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Path CR signals good outcomes in treated high-risk breast cancers



SAN ANTONIO – Pathological complete response (pCR) is an accurate predictor of both event-free and distant recurrence-free survival in patients treated for stage 2 or 3 breast cancers with high risk for recurrence, according to investigators in the adaptive I-SPY2 trial.
Among 746 patients with various types of breast cancer evaluated in an intention-to-treat analysis, 3-year event-free survival (EFS) for those who had a pCR after chemotherapy and definitive surgery was 94%, compared with 76% for those who did not have a pCR.

Similarly, 3-year distant recurrence-free survival (DRFS) was 95% for patients who had a pCR after first-line therapy, compared with 79% for patients who did not, reported Douglas Yee, MD, of the Masonic Cancer Center at the University of Minnesota in Minneapolis.
“We find that path CR is a strong predictor of event-free survival and distance recurrence-free survival in the setting of a multiagent platform trial,” he said at the San Antonio Breast Cancer Symposium.

He explained that pCR is predictive of survival across all tumor subsets – regardless of hormone receptor status, HER2 status, and 70-gene signature (MammaPrint) status – and that pCR as a clinical trial endpoint allows investigators to rapidly evaluate novel therapeutic combinations, with the potential for identifying more effective and ideally less toxic regimens.

I-SPY 2 is a phase 2, adaptively randomized neoadjuvant clinical trial with a shared control arm in which patients receive standard neoadjuvant chemotherapy, and up to four simultaneous investigational arms. The primary endpoint is pCR, defined as no residual invasive cancer in the breast or lymph nodes, assessed according to the Residual Cancer Burden method. The goal is to match therapies with the most responsive breast cancer subtypes.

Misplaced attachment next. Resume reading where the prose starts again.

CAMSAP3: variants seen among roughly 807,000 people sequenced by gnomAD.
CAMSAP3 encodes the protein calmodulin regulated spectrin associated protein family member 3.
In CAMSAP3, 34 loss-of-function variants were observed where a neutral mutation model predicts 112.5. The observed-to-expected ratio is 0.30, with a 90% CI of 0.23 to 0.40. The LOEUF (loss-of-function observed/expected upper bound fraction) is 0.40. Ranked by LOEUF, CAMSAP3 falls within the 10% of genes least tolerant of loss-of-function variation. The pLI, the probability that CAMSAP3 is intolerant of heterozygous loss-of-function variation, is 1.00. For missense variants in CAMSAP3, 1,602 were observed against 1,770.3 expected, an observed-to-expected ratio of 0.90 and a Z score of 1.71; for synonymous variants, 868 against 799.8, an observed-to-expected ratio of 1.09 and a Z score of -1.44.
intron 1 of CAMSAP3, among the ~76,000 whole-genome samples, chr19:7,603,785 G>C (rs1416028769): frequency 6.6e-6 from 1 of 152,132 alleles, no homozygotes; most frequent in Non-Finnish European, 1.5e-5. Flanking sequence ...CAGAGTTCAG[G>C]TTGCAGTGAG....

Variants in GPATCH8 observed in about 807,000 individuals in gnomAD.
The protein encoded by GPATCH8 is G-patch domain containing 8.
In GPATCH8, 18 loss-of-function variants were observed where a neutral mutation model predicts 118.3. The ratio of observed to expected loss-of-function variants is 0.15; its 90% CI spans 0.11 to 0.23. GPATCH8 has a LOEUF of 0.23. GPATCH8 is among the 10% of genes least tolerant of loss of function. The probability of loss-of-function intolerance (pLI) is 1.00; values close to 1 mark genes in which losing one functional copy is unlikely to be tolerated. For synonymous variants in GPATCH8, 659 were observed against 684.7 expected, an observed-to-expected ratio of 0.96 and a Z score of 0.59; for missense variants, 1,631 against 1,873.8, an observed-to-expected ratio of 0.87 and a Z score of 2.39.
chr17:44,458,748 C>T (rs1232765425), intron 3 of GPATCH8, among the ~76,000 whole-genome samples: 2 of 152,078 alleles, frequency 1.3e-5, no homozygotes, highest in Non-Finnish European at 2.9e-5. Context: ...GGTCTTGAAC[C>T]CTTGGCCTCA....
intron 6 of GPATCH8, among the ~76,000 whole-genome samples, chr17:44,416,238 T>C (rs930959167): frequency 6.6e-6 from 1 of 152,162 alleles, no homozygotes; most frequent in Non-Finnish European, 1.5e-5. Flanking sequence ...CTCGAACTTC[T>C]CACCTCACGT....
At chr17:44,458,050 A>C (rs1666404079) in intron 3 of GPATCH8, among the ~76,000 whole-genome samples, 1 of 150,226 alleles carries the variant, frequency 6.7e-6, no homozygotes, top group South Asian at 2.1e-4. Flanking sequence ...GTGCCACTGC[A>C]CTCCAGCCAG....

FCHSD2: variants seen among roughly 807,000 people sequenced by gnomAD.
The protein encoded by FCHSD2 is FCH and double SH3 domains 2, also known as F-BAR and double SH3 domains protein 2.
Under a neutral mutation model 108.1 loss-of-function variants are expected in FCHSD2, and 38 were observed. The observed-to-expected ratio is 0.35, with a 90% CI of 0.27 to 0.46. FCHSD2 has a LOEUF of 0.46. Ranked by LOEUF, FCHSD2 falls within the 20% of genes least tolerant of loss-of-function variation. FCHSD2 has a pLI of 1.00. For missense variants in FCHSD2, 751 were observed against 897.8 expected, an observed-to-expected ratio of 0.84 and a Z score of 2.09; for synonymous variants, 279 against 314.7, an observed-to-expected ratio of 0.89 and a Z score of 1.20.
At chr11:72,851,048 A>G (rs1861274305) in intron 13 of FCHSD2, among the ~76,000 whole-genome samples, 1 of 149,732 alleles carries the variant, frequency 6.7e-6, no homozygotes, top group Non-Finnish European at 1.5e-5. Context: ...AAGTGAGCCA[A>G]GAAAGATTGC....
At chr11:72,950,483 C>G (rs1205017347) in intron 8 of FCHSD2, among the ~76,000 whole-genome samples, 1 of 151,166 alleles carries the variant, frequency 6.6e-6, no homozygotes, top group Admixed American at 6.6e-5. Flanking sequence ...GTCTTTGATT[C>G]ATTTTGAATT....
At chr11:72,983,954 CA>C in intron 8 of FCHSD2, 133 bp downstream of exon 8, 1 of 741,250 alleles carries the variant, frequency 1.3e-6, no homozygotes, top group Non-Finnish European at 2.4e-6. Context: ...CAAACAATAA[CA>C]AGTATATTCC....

In the current analysis, the investigators looked at data on 245 patients with hormone receptor-negative and HER2– tumors (HR–/HER2–), 275 with HR-positive/HER2-negative tumors, 77 with HR–/HER2+ tumors, and 149 with tumors positive for both HR and HER2. Respective rates of pCR in these groups were 41%, 18%, 68% and 39%.

As noted, both EFS and DRFS were significantly better for patients with pCRs after initial therapy, with hazard ratios of 0.20 (P less than .001) for each comparison.
The predictive value of both EFS and DRFS held true for three of four subtypes studied, including triple-negative breast cancer (hazard ratios 0.17 and 0.16, P less than .001 for each), HR+/HER2– (HRs 0.21, P = .016 for EFS, and 0.22, P = .024 for DRFS), and HR–/HER2+ (HRs 0.10, and 0.14, P less than .001 for each).

However, among patients with HR+/HER2+ (triple-positive) breast cancers, EFS and DRFS rates were high for both patients with pCRs and those without, and the differences did not reach statistical significance. In these patients, the 3-year EFS rates were 96% for pCR and 87% for non pCR (HR, 0.26, P = .054), and the 3-year DRFS was 97% vs. 92% (HR, 0.19, P = 0.80).
“We believe that achieving path CR doing any therapy for any subtype is a sufficient endpoint,” Dr. Yee said. “Given that, we need to develop minimally-invasive techniques such as MRI and biopsy to identify path CR prior to definitive surgery. We need to validate robust MRI and tissue predictors of path CR, and if we can do that, we can begin to de-escalate toxic therapies,” he said.

The converse is also true: For patients who do not experience a path CR, MRI and tissue predictors could help to identify early in the course of therapy those patients who may need alternative treatments, he added.
“I think that this very clearly validates path CR as an incredibly powerful biomarker,” Eric P. Winer, MD, of Dana-Farber Cancer Institute in Boston, said in the question-and-response session following Dr. Yee’s presentation.
Dr. Winer emphasized, however, “that this does not mean that we can use path CR in comparing treatment A and treatment B in a randomized trial to determine that one is better in terms of long-term outcome.”

I-SPY2 is sponsored by the Quantum Leap Healthcare Collaborative, with funding support from the William K Bowes Foundation, Give Breast Cancer the Boot, University of California San Francisco, The Biomarkers consortium, Quintiles, the Breast Cancer Research Foundation, and Safeway. Dr. Yee reported having no relevant disclosures.

SOURCE: Yee, D et al. SABCS Abstract GS3-08.

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